Vector Photo Engraving on the CNC – test #1
Over the weekend I successfully used the “7th” to engrave a photo of my daughter onto a piece of wood. Turned out very well. This was just a test cut, so I just used some scrap hardwood plywood. I’ll do it again on real wood later.
I used a carbide v-bit as the cutter and attached the plywood to the y-axis table with double-sided tape (after cutting through a clamp with the cutter on an earlier attempt!).
This engraving used the raster-to-vector method. Essentially converting certain highlights and edges on the photo to vectors using various freeware and shareware software routines. I took a digital photo of my daughter and loaded it into WinTopo (the freeware addition). In Wintopo I converted the raster photo to vector and then eliminated a lot of the “noise” vectors that were created to get a fairly clean drawing. I then saved the vectors out of WinTopo as a DXF file. I then used Acer (freeware DXF to g-code converter) to convert the DXF file to g-code. I set the maximum z-axis cut to 0.1 inches in depth. The g-code was then loaded into the my CNC machine’s PC and I used TurboCNC (shareware CNC controller software) to run the machine.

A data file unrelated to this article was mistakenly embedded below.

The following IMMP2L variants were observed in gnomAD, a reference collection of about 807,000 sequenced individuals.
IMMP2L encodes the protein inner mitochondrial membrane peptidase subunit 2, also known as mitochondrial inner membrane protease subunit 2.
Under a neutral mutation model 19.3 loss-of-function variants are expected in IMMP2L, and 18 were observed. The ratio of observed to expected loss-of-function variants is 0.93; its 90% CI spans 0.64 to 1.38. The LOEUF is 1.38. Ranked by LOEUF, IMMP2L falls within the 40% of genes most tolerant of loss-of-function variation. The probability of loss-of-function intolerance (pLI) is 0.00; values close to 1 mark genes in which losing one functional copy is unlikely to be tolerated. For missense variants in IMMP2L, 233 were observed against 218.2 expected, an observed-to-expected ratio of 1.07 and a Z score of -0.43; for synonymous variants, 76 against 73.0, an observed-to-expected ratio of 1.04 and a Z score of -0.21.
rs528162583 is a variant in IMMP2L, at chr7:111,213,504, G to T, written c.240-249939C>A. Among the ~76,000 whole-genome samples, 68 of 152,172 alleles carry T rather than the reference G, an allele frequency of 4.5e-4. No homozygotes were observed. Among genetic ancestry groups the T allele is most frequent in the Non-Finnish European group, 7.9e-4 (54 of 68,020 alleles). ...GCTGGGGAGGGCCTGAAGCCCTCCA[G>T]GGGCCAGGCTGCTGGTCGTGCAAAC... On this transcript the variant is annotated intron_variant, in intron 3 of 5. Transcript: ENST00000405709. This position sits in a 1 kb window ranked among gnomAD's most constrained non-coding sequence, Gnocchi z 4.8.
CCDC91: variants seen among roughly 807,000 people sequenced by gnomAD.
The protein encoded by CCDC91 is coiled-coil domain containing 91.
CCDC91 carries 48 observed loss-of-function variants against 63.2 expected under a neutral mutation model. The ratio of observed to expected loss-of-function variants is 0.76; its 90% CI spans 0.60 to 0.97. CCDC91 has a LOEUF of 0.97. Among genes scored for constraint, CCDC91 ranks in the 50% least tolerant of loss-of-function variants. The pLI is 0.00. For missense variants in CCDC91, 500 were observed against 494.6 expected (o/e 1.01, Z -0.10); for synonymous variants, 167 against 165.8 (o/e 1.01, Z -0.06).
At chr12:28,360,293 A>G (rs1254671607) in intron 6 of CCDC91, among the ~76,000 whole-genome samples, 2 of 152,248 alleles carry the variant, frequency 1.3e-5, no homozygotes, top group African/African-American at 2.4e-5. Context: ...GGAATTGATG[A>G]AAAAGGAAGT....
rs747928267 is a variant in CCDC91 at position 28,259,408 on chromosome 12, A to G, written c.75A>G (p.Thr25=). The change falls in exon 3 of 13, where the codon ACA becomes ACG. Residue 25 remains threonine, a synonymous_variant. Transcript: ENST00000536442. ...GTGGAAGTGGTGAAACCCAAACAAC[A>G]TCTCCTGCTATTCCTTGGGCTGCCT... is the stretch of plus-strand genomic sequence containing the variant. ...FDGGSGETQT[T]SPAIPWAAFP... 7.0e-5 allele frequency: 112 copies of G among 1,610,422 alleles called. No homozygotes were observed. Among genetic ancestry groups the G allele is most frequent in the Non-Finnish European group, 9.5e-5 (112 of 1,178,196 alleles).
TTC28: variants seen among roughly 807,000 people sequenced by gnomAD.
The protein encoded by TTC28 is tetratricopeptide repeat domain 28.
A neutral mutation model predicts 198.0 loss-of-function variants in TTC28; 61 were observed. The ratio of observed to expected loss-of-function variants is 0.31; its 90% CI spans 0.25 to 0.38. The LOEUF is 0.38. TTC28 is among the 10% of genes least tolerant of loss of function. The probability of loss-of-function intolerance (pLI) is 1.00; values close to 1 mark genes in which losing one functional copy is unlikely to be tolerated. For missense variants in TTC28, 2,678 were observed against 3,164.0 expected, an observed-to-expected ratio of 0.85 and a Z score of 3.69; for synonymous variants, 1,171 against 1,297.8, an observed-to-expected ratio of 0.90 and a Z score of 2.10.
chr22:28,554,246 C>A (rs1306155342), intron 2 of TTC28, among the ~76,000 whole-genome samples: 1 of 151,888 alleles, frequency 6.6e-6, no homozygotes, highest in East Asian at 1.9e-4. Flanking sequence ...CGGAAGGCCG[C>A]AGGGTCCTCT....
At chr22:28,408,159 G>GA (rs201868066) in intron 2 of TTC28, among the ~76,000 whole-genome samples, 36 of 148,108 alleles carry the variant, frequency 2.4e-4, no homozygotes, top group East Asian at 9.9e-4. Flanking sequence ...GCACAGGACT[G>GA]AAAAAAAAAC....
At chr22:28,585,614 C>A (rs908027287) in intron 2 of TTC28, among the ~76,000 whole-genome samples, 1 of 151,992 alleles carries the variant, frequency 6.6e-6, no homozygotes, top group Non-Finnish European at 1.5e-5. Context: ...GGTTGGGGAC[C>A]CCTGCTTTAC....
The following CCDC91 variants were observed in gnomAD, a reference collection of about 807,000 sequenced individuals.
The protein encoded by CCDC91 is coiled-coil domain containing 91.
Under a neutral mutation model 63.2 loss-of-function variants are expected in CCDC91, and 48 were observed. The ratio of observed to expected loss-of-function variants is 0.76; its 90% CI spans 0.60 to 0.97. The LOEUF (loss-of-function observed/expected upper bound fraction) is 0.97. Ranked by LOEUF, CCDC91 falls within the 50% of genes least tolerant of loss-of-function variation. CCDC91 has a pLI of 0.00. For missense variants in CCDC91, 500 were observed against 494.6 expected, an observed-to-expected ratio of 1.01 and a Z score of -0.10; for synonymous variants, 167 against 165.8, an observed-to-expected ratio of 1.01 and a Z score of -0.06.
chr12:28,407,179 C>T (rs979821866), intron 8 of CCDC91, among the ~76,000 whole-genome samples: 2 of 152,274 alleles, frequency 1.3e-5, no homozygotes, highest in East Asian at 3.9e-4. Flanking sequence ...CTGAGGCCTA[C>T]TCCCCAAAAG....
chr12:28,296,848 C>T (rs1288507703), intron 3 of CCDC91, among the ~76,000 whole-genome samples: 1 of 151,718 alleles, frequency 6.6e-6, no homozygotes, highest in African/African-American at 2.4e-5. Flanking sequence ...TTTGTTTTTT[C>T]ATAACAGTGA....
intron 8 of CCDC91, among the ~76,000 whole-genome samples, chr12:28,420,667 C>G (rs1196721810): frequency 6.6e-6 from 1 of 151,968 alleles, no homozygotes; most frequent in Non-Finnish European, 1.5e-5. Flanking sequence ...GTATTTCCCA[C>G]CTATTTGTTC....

The CNC machine took about 1 hour and 45 minutes to cut the picture (engraving is about 13″ x 9″). I ran the machine slowly about about 6 ipm for this test run. Everything worked beautifully.
I rubbed a cherry stain over the finished piece to darken the engraving marks.
For my next photo-engraving experiment I want to try the depth-of-cut shading type (I don’t know what to call this method) engraving. This method leaves the photo as raster and engraves deeper for darker pixels and more shallow for lighter ones. I am using shareware called IMGTOGCODE for this attempt. These engravings take much longer for the machine to carve, so I will do I much smaller image.